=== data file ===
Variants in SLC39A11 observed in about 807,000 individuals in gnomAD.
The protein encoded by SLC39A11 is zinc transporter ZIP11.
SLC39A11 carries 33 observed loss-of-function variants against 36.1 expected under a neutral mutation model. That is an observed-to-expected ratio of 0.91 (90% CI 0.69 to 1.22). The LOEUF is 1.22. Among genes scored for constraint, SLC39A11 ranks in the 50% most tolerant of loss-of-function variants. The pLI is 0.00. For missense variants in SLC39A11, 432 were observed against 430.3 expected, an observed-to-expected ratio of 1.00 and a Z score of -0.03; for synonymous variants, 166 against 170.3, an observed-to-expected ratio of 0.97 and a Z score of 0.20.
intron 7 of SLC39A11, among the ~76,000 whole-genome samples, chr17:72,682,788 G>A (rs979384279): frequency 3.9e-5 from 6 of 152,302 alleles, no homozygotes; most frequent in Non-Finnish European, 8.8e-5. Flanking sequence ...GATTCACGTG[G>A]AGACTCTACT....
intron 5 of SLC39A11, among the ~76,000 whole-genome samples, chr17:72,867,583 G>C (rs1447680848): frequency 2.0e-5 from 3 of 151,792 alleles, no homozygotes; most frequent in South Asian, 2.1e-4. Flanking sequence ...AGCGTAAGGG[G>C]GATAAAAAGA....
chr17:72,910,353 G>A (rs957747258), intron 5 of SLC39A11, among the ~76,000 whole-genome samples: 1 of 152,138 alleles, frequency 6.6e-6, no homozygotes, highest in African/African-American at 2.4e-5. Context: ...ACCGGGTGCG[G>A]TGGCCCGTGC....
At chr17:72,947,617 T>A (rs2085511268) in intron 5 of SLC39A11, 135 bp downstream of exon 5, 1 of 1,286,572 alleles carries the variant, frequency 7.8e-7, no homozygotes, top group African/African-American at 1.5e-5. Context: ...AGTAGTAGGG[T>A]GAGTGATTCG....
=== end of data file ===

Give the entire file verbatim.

Variants in SLC39A11 observed in about 807,000 individuals in gnomAD.
The protein encoded by SLC39A11 is zinc transporter ZIP11.
SLC39A11 carries 33 observed loss-of-function variants against 36.1 expected under a neutral mutation model. That is an observed-to-expected ratio of 0.91 (90% CI 0.69 to 1.22). The LOEUF is 1.22. Among genes scored for constraint, SLC39A11 ranks in the 50% most tolerant of loss-of-function variants. The pLI is 0.00. For missense variants in SLC39A11, 432 were observed against 430.3 expected, an observed-to-expected ratio of 1.00 and a Z score of -0.03; for synonymous variants, 166 against 170.3, an observed-to-expected ratio of 0.97 and a Z score of 0.20.
intron 7 of SLC39A11, among the ~76,000 whole-genome samples, chr17:72,682,788 G>A (rs979384279): frequency 3.9e-5 from 6 of 152,302 alleles, no homozygotes; most frequent in Non-Finnish European, 8.8e-5. Flanking sequence ...GATTCACGTG[G>A]AGACTCTACT....
intron 5 of SLC39A11, among the ~76,000 whole-genome samples, chr17:72,867,583 G>C (rs1447680848): frequency 2.0e-5 from 3 of 151,792 alleles, no homozygotes; most frequent in South Asian, 2.1e-4. Flanking sequence ...AGCGTAAGGG[G>C]GATAAAAAGA....
chr17:72,910,353 G>A (rs957747258), intron 5 of SLC39A11, among the ~76,000 whole-genome samples: 1 of 152,138 alleles, frequency 6.6e-6, no homozygotes, highest in African/African-American at 2.4e-5. Context: ...ACCGGGTGCG[G>A]TGGCCCGTGC....
At chr17:72,947,617 T>A (rs2085511268) in intron 5 of SLC39A11, 135 bp downstream of exon 5, 1 of 1,286,572 alleles carries the variant, frequency 7.8e-7, no homozygotes, top group African/African-American at 1.5e-5. Context: ...AGTAGTAGGG[T>A]GAGTGATTCG....